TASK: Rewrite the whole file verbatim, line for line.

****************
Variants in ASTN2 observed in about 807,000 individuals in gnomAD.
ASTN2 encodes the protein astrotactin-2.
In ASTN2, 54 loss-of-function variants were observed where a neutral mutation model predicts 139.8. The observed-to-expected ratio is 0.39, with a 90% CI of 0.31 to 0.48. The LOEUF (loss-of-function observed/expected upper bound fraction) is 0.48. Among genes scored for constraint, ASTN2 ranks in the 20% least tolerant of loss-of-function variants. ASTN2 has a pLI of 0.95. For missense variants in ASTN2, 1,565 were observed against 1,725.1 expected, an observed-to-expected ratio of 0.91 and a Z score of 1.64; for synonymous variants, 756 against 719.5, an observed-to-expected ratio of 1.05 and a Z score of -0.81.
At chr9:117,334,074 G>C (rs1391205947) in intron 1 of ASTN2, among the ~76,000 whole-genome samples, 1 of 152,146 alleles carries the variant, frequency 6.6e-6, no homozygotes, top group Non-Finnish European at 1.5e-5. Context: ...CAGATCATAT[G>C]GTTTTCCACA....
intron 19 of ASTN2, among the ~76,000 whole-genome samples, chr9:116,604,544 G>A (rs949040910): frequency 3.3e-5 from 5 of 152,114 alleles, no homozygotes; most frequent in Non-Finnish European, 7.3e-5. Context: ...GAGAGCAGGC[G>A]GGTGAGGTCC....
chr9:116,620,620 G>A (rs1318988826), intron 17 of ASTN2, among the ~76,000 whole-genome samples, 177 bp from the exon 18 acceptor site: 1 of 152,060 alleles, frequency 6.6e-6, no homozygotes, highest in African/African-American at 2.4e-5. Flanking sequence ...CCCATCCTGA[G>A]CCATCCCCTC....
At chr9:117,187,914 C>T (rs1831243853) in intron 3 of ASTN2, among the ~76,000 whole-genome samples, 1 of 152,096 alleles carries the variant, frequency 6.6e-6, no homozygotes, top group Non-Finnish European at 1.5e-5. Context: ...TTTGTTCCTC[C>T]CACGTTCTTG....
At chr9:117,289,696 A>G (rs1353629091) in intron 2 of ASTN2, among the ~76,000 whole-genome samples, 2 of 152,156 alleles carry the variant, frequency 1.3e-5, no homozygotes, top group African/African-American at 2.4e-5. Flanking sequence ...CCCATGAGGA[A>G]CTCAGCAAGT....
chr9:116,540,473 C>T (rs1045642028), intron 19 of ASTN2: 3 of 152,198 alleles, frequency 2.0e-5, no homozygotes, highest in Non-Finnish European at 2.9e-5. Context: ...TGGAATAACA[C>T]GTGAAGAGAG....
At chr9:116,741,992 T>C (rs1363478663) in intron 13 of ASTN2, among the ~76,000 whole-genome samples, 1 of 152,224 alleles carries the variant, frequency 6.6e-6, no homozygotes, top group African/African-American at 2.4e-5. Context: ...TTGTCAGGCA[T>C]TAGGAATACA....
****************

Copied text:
Variants in ASTN2 observed in about 807,000 individuals in gnomAD.
ASTN2 encodes the protein astrotactin-2.
In ASTN2, 54 loss-of-function variants were observed where a neutral mutation model predicts 139.8. The observed-to-expected ratio is 0.39, with a 90% CI of 0.31 to 0.48. The LOEUF (loss-of-function observed/expected upper bound fraction) is 0.48. Among genes scored for constraint, ASTN2 ranks in the 20% least tolerant of loss-of-function variants. ASTN2 has a pLI of 0.95. For missense variants in ASTN2, 1,565 were observed against 1,725.1 expected, an observed-to-expected ratio of 0.91 and a Z score of 1.64; for synonymous variants, 756 against 719.5, an observed-to-expected ratio of 1.05 and a Z score of -0.81.
At chr9:117,334,074 G>C (rs1391205947) in intron 1 of ASTN2, among the ~76,000 whole-genome samples, 1 of 152,146 alleles carries the variant, frequency 6.6e-6, no homozygotes, top group Non-Finnish European at 1.5e-5. Context: ...CAGATCATAT[G>C]GTTTTCCACA....
intron 19 of ASTN2, among the ~76,000 whole-genome samples, chr9:116,604,544 G>A (rs949040910): frequency 3.3e-5 from 5 of 152,114 alleles, no homozygotes; most frequent in Non-Finnish European, 7.3e-5. Context: ...GAGAGCAGGC[G>A]GGTGAGGTCC....
chr9:116,620,620 G>A (rs1318988826), intron 17 of ASTN2, among the ~76,000 whole-genome samples, 177 bp from the exon 18 acceptor site: 1 of 152,060 alleles, frequency 6.6e-6, no homozygotes, highest in African/African-American at 2.4e-5. Flanking sequence ...CCCATCCTGA[G>A]CCATCCCCTC....
At chr9:117,187,914 C>T (rs1831243853) in intron 3 of ASTN2, among the ~76,000 whole-genome samples, 1 of 152,096 alleles carries the variant, frequency 6.6e-6, no homozygotes, top group Non-Finnish European at 1.5e-5. Context: ...TTTGTTCCTC[C>T]CACGTTCTTG....
At chr9:117,289,696 A>G (rs1353629091) in intron 2 of ASTN2, among the ~76,000 whole-genome samples, 2 of 152,156 alleles carry the variant, frequency 1.3e-5, no homozygotes, top group African/African-American at 2.4e-5. Flanking sequence ...CCCATGAGGA[A>G]CTCAGCAAGT....
chr9:116,540,473 C>T (rs1045642028), intron 19 of ASTN2: 3 of 152,198 alleles, frequency 2.0e-5, no homozygotes, highest in Non-Finnish European at 2.9e-5. Context: ...TGGAATAACA[C>T]GTGAAGAGAG....
At chr9:116,741,992 T>C (rs1363478663) in intron 13 of ASTN2, among the ~76,000 whole-genome samples, 1 of 152,224 alleles carries the variant, frequency 6.6e-6, no homozygotes, top group African/African-American at 2.4e-5. Context: ...TTGTCAGGCA[T>C]TAGGAATACA....